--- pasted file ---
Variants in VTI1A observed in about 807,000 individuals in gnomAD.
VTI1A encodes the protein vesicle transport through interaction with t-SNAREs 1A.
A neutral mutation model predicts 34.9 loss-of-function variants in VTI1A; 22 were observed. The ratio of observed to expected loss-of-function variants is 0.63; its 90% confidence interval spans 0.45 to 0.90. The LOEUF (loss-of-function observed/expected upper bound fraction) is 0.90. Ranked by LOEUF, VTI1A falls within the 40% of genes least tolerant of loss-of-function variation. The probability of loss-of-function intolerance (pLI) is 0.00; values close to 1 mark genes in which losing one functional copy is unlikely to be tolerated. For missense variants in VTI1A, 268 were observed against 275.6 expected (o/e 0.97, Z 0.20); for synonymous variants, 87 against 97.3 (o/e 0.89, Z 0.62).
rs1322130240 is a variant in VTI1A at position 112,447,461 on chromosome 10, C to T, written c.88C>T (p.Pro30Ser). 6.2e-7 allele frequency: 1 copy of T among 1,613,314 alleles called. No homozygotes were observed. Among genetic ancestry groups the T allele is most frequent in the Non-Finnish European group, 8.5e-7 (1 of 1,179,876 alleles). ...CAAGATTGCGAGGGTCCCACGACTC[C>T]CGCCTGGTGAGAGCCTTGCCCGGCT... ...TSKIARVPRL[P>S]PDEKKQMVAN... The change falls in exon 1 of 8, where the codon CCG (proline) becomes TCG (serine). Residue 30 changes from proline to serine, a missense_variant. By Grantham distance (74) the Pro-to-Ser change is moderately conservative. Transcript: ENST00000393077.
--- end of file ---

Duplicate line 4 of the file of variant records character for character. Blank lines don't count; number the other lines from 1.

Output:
rs1322130240 is a variant in VTI1A at position 112,447,461 on chromosome 10, C to T, written c.88C>T (p.Pro30Ser). 6.2e-7 allele frequency: 1 copy of T among 1,613,314 alleles called. No homozygotes were observed. Among genetic ancestry groups the T allele is most frequent in the Non-Finnish European group, 8.5e-7 (1 of 1,179,876 alleles). ...CAAGATTGCGAGGGTCCCACGACTC[C>T]CGCCTGGTGAGAGCCTTGCCCGGCT... ...TSKIARVPRL[P>S]PDEKKQMVAN... The change falls in exon 1 of 8, where the codon CCG (proline) becomes TCG (serine). Residue 30 changes from proline to serine, a missense_variant. By Grantham distance (74) the Pro-to-Ser change is moderately conservative. Transcript: ENST00000393077.